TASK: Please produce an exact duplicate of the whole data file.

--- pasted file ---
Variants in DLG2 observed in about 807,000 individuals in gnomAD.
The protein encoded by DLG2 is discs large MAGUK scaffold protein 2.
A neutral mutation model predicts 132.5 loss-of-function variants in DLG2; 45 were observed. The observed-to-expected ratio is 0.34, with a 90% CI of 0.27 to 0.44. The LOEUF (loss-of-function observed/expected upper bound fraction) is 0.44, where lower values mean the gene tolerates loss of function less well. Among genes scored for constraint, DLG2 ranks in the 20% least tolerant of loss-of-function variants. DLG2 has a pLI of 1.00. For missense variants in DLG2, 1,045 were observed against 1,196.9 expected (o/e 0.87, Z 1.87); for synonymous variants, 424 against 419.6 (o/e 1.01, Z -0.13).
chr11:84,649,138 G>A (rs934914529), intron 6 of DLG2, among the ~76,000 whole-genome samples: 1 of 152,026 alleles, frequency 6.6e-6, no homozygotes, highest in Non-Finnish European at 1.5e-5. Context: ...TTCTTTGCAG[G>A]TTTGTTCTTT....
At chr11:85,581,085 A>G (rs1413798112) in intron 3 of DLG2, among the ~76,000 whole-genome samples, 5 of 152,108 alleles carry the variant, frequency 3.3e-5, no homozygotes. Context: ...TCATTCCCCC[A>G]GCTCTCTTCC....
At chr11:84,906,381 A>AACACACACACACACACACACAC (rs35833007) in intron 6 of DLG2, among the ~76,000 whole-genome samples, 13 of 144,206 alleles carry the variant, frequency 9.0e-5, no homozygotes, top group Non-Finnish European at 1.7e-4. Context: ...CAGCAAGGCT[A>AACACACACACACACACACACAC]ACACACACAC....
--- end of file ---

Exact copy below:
Variants in DLG2 observed in about 807,000 individuals in gnomAD.
The protein encoded by DLG2 is discs large MAGUK scaffold protein 2.
A neutral mutation model predicts 132.5 loss-of-function variants in DLG2; 45 were observed. The observed-to-expected ratio is 0.34, with a 90% CI of 0.27 to 0.44. The LOEUF (loss-of-function observed/expected upper bound fraction) is 0.44, where lower values mean the gene tolerates loss of function less well. Among genes scored for constraint, DLG2 ranks in the 20% least tolerant of loss-of-function variants. DLG2 has a pLI of 1.00. For missense variants in DLG2, 1,045 were observed against 1,196.9 expected (o/e 0.87, Z 1.87); for synonymous variants, 424 against 419.6 (o/e 1.01, Z -0.13).
chr11:84,649,138 G>A (rs934914529), intron 6 of DLG2, among the ~76,000 whole-genome samples: 1 of 152,026 alleles, frequency 6.6e-6, no homozygotes, highest in Non-Finnish European at 1.5e-5. Context: ...TTCTTTGCAG[G>A]TTTGTTCTTT....
At chr11:85,581,085 A>G (rs1413798112) in intron 3 of DLG2, among the ~76,000 whole-genome samples, 5 of 152,108 alleles carry the variant, frequency 3.3e-5, no homozygotes. Context: ...TCATTCCCCC[A>G]GCTCTCTTCC....
At chr11:84,906,381 A>AACACACACACACACACACACAC (rs35833007) in intron 6 of DLG2, among the ~76,000 whole-genome samples, 13 of 144,206 alleles carry the variant, frequency 9.0e-5, no homozygotes, top group Non-Finnish European at 1.7e-4. Context: ...CAGCAAGGCT[A>AACACACACACACACACACACAC]ACACACACAC....